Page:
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McGuinty government's comprehensive gun violence strategy

Archived Backgrounder

McGuinty government's comprehensive gun violence strategy

Backgrounder

Ministry of the Solicitor General

The McGuinty government has made great strides in combating gun and gang violence. Since 2005, the government has invested over $68 million in new initiatives to fight gun crime.


The government has expanded the Guns and Gangs Task Force, hired more police officers, more Crown attorneys, more victim services staff, and more probation and parole officers. Ontario has opened the Operations Centre to provide coordinated investigation and prosecution of gun and gang crimes, opened two major crimes courts and expanded the OPP-led Provincial Weapons Enforcement Unit. The government is also creating healthy neighbourhoods by targeting investments in better housing, safe schools, after-school activities, and programs for underserved youths and adults.

The government also included a comprehensive four-point plan to stop the proliferation of gun-related crime

Fighting gun violence requires being tough on crime, using strong enforcement and effective prevention, and taking aim at the causes of crime. The government is doing everything in its power to get guns off our streets and make our communities safer, and has continued to call on the federal government to do its part in this fight.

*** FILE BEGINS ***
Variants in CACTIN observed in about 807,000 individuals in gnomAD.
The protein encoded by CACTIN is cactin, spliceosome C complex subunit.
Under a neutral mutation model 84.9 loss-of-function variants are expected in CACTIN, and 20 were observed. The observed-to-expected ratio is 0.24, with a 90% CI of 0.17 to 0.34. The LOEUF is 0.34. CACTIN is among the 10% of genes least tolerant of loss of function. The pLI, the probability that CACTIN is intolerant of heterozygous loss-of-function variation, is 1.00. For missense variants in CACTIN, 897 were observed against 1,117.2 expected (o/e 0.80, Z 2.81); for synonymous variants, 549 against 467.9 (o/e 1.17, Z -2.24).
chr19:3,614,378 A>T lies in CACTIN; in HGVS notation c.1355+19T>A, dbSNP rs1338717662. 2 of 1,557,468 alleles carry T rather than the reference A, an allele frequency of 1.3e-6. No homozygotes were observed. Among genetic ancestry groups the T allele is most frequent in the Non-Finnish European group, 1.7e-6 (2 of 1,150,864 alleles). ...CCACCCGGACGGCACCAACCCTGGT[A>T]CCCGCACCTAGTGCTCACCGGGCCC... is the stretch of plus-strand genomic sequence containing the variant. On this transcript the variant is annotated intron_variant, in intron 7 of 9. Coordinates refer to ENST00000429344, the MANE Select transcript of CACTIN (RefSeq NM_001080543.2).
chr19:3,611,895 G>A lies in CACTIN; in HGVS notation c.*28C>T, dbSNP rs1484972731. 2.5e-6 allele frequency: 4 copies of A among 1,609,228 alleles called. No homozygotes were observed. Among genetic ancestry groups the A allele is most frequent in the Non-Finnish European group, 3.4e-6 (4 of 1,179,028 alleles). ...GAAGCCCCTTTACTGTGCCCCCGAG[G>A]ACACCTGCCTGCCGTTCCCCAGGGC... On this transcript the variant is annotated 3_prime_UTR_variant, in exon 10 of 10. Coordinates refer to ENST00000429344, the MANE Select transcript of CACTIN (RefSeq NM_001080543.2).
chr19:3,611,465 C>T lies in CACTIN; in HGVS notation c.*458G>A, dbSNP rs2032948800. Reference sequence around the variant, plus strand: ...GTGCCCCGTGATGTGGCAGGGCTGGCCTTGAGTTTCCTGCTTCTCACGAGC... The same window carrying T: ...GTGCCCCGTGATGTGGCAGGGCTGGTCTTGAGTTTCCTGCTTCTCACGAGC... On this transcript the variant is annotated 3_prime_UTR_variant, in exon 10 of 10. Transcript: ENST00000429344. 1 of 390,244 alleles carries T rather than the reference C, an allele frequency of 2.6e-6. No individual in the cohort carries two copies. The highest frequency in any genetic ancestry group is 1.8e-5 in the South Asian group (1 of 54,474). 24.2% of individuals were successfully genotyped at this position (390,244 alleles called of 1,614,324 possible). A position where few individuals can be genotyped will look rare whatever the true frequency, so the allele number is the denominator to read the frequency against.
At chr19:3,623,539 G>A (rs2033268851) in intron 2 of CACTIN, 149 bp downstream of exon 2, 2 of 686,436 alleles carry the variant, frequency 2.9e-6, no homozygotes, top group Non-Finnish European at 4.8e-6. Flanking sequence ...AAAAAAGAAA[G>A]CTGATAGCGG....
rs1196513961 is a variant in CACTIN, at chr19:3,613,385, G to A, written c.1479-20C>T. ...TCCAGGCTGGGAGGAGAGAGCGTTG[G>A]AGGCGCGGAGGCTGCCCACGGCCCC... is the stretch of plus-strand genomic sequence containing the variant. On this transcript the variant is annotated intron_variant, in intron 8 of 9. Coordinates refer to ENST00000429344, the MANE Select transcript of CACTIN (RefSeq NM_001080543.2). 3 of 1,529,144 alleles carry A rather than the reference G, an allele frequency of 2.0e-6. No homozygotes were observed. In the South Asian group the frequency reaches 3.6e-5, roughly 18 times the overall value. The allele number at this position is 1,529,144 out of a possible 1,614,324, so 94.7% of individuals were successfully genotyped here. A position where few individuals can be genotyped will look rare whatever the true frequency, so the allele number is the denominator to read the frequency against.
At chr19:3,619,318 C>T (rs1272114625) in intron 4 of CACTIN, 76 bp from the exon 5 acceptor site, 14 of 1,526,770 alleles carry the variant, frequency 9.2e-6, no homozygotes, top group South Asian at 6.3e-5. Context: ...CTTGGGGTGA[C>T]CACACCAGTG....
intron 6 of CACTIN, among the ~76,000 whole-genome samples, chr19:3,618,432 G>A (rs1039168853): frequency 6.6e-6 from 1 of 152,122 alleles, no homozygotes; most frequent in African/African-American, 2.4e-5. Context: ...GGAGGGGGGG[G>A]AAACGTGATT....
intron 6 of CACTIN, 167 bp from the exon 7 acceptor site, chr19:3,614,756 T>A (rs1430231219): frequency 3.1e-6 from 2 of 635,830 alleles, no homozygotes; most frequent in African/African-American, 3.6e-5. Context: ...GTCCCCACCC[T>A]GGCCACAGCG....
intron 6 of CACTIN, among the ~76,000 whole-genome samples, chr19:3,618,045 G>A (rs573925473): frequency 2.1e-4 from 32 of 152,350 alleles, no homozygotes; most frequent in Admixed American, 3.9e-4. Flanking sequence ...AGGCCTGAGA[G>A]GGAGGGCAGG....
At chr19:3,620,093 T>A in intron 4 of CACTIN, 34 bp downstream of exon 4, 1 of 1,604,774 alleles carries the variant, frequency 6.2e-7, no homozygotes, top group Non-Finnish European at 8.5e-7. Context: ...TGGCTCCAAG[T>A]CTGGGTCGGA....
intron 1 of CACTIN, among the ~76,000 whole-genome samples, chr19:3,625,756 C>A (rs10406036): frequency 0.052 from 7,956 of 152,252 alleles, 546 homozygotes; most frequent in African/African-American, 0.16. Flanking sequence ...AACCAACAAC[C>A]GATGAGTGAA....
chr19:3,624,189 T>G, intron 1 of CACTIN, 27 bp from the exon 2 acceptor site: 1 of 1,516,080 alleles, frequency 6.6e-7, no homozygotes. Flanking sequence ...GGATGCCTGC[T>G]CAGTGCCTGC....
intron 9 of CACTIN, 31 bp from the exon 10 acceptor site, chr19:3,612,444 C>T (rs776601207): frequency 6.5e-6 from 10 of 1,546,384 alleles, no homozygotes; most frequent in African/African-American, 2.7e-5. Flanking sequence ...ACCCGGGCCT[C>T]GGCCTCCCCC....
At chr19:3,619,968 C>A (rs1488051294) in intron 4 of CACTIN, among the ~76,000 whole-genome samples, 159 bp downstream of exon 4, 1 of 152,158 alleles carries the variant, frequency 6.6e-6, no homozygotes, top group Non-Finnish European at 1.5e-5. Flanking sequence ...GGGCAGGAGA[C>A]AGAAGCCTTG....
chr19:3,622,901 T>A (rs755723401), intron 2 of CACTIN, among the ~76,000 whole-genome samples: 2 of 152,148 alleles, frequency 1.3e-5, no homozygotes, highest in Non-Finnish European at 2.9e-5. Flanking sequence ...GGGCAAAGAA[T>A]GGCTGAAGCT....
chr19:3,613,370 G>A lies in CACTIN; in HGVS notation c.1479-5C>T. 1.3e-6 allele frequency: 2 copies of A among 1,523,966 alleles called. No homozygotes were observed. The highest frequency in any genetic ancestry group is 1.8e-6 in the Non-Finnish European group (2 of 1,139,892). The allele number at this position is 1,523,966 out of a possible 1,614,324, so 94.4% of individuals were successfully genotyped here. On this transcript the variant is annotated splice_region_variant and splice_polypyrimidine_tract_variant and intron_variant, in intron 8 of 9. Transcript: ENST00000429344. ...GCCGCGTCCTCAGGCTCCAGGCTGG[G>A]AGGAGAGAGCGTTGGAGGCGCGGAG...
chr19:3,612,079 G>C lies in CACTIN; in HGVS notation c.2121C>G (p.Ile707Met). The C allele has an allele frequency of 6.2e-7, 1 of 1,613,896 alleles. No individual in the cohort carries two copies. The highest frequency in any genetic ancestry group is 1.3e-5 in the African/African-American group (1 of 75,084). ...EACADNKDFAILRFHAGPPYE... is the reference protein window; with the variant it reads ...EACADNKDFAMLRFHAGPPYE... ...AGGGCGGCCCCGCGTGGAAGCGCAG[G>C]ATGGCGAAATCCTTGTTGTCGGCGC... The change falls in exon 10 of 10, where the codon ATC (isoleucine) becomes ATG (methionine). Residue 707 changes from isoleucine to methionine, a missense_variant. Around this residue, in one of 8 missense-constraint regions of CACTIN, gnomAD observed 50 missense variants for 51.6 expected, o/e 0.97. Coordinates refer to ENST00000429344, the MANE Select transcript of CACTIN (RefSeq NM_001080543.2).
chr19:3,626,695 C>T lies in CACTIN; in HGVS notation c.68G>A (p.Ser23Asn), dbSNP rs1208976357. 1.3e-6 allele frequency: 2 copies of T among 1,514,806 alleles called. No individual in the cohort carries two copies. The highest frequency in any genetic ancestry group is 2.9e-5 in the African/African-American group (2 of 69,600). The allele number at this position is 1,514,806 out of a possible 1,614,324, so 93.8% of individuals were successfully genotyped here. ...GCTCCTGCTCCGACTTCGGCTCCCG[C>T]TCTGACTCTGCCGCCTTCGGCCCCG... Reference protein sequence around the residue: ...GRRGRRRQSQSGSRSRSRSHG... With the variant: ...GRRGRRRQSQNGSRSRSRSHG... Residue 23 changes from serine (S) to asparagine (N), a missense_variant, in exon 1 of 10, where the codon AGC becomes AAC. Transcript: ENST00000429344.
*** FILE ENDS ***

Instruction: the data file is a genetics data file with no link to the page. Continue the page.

BEING TOUGH ON CRIME


Expanded Guns and Gangs Task Force - The task force includes police officers, Crown prosecutors, probation and parole officers, corrections officers and staff from the Victim/Witness Assistance Program who work together from the first day of an investigation.

Since 2005, the McGuinty government has expanded the task force to include a total of 72 Crown prosecutors working with police to investigate and prosecute gun violence at street level. This includes specially trained Crown prosecutors deployed to the province's six regions to work full-time as a resource to police and prosecutors on gun violence matters.

These specialized Crown prosecutors provide early legal advice to police, especially on search warrants or other issues arising in an investigation. They also, where appropriate, get legal authorization for the police to conduct wiretaps. After charges are laid by police, Crown prosecutors prepare and conduct the prosecutions.

In addition, the government has added six new anti-gun smuggling Crowns to work with police for better coordination and collaboration in investigating and prosecuting gun-runners, smugglers and thieves.

Ontario and federal officials will also continue discussions with a view to creating teams of dedicated provincial and federal prosecutors working together to take action on gun and related drug crimes.